Ap­ple re­sponds to claims it slows down old iphones

Ap­ple answers its crit­ics. Ro­man Loy­ola re­ports

Macworld - - Contents -

Ap­ple has re­leased a state­ment to Techcrunch to ad­dress ac­cu­sa­tions on the In­ter­net that the com­pany pur­posely throt­tles the per­for­mance of older iphones in or­der to boost new iphone sales. Here is the state­ment to Techcrunch:

“Our goal is to de­liver the best ex­pe­ri­ence for cus­tomers, which in­cludes over­all per­for­mance

and pro­long­ing the life of their de­vices. Lithium-ion bat­ter­ies be­come less ca­pa­ble of sup­ply­ing peak cur­rent de­mands when in cold con­di­tions, have a low bat­tery charge or as they age over time, which can re­sult in the de­vice un­ex­pect­edly shut­ting down to pro­tect its elec­tronic com­po­nents.

“Last year we re­leased a fea­ture for iphone 6, iphone 6s and iphone SE to smooth out the in­stan­ta­neous peaks only when needed to pre­vent the de­vice from un­ex­pect­edly shut­ting down dur­ing th­ese con­di­tions. We’ve now ex­tended that fea­ture to iphone 7 with IOS 11.2, and plan to add sup­port for other prod­ucts in the fu­ture.”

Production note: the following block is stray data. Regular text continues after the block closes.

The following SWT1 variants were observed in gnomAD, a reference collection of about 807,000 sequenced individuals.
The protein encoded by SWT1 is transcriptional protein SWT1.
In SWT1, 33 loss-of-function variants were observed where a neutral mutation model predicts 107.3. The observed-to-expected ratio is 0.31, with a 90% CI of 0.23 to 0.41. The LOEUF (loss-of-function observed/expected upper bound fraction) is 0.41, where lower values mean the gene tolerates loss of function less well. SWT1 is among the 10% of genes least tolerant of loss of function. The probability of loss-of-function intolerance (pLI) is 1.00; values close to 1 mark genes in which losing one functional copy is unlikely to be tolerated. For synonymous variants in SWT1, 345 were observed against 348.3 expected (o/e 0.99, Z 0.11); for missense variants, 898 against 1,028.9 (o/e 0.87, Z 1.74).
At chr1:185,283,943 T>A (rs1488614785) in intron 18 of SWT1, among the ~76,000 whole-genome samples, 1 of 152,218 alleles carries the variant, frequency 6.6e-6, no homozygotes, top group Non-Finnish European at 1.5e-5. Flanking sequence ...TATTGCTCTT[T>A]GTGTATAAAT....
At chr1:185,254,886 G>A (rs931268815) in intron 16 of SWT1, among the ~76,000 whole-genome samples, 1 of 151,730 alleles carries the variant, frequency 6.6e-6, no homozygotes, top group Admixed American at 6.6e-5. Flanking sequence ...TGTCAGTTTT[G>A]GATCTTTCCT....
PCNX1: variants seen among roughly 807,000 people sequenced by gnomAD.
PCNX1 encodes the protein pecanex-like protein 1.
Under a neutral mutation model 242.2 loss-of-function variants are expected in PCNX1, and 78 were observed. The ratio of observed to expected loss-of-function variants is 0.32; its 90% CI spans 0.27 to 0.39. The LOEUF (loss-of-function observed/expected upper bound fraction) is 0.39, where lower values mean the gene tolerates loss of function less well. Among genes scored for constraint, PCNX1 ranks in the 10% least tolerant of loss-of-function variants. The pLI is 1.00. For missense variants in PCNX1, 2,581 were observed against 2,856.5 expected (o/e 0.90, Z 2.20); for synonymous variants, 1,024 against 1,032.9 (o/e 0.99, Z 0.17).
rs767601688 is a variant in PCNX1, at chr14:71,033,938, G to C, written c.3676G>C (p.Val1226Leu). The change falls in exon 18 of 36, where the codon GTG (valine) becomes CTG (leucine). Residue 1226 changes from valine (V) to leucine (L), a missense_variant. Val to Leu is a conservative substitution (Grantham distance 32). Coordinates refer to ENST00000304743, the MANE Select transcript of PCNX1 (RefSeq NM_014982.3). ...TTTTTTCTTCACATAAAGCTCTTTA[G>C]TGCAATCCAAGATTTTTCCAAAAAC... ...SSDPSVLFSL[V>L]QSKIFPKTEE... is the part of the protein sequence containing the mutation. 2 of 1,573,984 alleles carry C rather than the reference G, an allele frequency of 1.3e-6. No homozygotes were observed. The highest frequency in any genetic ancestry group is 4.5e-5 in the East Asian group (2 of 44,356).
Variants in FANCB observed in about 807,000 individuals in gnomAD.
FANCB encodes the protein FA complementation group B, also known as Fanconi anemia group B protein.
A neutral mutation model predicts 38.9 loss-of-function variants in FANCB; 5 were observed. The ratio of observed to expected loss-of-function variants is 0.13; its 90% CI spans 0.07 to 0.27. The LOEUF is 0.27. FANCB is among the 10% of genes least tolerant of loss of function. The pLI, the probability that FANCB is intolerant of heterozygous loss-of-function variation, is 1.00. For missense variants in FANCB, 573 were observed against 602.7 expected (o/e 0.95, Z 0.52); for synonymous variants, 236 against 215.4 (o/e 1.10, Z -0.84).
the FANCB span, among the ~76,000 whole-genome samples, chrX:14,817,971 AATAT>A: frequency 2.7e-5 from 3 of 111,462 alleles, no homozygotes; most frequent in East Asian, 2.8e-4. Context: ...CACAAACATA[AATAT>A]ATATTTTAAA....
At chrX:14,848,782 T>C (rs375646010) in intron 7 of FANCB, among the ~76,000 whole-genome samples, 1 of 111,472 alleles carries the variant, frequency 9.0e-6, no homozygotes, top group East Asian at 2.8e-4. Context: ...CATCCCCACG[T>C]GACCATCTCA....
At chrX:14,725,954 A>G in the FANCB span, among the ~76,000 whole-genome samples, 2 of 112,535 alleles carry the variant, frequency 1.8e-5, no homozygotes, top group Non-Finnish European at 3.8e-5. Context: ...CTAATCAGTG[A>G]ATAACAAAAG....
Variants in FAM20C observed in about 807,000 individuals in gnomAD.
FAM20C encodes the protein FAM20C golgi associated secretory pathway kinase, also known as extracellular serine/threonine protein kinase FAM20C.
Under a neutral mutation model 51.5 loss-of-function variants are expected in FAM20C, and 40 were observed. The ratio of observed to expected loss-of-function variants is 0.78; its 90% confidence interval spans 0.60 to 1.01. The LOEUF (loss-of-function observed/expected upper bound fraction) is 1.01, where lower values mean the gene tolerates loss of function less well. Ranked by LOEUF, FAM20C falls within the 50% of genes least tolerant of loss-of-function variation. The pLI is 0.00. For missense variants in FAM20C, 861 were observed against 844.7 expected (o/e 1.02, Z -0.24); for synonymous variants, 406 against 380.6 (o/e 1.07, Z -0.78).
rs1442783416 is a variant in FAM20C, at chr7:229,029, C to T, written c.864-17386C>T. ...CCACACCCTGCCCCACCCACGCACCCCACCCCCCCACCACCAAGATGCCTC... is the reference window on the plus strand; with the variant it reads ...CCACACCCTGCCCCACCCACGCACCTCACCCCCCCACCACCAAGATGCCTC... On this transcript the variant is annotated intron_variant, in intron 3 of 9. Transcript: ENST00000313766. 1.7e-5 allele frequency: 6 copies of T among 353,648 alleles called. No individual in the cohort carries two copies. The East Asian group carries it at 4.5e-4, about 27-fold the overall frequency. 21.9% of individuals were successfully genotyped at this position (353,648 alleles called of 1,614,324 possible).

The bat­ter­ies in iphones, ipads, and other por­ta­ble de­vices de­grade over time, thanks to heat and age. This means an older bat­tery be­comes less suited to meet the de­mands of a de­vice’s pro­cess­ing peak. With an iphone, this could cause the de­vice to shut down.

To ad­dress this, Ap­ple last year up­dated IOS with power man­age­ment fea­tures so that pro­cess­ing peaks were smoothed out by putting a cap on the power draw from the bat­tery, or by dis­tribut­ing power re­quests over mul­ti­ple cy­cles.

As Techcrunch points out, this is a prob­lem with lithium-ion bat­ter­ies, and Ap­ple’s power man­age­ment is an at­tempt to pro­long the life of your de­vice, not to shorten it. If Ap­ple were truly try­ing to ham­per per­for­mance to force sales of new de­vices, the com­pany would be ba­si­cally ask­ing for le­gal and gov­ern­men­tal prob­lems.

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